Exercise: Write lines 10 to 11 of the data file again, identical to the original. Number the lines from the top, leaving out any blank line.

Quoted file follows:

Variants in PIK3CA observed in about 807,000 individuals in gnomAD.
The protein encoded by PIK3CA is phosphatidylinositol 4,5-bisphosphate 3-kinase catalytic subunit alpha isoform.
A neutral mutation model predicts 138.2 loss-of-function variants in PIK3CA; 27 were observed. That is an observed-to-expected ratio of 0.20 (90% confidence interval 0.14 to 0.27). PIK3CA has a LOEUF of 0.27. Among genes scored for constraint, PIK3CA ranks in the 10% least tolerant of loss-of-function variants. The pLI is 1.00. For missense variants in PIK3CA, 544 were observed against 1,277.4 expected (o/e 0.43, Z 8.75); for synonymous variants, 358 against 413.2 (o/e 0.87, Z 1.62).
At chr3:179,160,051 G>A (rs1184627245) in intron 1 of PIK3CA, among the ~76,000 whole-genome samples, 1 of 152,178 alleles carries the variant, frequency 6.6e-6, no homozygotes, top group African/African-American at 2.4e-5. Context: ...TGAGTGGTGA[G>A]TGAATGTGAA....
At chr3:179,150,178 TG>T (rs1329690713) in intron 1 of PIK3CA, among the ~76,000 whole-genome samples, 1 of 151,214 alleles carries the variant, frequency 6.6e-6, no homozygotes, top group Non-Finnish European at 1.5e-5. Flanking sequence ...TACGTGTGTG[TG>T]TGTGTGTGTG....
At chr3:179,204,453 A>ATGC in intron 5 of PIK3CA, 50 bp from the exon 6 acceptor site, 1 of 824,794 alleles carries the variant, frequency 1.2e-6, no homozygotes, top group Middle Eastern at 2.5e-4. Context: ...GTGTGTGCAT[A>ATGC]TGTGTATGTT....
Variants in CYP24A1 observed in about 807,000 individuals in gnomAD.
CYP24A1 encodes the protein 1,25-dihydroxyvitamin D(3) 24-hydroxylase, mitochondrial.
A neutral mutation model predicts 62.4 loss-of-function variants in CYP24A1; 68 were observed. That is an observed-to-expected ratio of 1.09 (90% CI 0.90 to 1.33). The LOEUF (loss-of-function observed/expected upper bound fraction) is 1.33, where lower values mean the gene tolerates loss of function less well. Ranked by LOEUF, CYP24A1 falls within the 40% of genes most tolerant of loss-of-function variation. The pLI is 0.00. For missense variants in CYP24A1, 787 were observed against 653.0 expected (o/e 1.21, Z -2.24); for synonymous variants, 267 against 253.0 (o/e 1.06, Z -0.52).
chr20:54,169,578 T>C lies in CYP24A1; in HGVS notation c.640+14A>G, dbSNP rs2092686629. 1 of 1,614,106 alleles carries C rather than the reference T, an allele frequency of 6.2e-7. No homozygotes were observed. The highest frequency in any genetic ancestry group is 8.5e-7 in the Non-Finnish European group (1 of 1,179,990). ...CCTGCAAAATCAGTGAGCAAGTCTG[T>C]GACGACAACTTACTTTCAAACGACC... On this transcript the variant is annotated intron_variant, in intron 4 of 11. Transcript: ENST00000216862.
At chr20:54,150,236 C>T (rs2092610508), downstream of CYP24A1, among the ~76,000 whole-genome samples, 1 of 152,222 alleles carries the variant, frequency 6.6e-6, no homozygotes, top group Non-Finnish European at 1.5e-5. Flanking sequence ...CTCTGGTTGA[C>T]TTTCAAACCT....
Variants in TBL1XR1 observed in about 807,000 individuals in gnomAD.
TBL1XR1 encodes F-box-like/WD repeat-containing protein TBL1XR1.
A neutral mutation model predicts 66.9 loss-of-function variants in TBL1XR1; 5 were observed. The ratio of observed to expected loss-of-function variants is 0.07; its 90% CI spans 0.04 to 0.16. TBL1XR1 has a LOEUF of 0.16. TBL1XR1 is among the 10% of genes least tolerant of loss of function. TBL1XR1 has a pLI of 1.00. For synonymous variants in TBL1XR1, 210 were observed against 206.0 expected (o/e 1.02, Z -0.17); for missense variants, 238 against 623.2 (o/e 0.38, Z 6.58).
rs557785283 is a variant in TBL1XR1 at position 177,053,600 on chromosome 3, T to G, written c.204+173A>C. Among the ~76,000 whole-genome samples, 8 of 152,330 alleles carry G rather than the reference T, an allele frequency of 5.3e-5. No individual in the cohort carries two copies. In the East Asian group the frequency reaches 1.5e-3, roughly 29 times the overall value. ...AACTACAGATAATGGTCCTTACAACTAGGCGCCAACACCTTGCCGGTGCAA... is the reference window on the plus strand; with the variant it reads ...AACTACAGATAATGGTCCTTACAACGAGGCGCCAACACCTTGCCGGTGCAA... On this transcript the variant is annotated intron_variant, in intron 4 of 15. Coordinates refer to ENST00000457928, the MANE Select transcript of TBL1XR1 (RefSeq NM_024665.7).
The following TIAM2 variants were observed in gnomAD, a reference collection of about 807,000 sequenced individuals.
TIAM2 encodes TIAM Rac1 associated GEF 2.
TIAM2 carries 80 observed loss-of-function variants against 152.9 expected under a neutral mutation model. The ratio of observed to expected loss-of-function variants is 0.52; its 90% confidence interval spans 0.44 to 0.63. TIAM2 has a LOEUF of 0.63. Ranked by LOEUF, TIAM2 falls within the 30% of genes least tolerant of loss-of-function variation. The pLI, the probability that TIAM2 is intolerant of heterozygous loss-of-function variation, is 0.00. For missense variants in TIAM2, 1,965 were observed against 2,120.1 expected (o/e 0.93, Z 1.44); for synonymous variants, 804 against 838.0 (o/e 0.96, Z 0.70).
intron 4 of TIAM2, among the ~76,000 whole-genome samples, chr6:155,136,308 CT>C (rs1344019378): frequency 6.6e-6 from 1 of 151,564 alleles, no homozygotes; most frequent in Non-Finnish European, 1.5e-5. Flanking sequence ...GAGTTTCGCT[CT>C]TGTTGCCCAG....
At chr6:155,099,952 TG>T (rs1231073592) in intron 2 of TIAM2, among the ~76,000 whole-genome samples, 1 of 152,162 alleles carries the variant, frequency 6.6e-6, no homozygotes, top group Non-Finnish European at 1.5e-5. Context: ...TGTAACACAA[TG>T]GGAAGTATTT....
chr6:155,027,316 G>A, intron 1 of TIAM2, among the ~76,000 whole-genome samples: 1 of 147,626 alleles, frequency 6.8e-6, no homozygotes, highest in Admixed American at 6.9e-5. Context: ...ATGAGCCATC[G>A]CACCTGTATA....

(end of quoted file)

chr20:54,169,578 T>C lies in CYP24A1; in HGVS notation c.640+14A>G, dbSNP rs2092686629. 1 of 1,614,106 alleles carries C rather than the reference T, an allele frequency of 6.2e-7. No homozygotes were observed. The highest frequency in any genetic ancestry group is 8.5e-7 in the Non-Finnish European group (1 of 1,179,990). ...CCTGCAAAATCAGTGAGCAAGTCTG[T>C]GACGACAACTTACTTTCAAACGACC... On this transcript the variant is annotated intron_variant, in intron 4 of 11. Transcript: ENST00000216862.
At chr20:54,150,236 C>T (rs2092610508), downstream of CYP24A1, among the ~76,000 whole-genome samples, 1 of 152,222 alleles carries the variant, frequency 6.6e-6, no homozygotes, top group Non-Finnish European at 1.5e-5. Flanking sequence ...CTCTGGTTGA[C>T]TTTCAAACCT....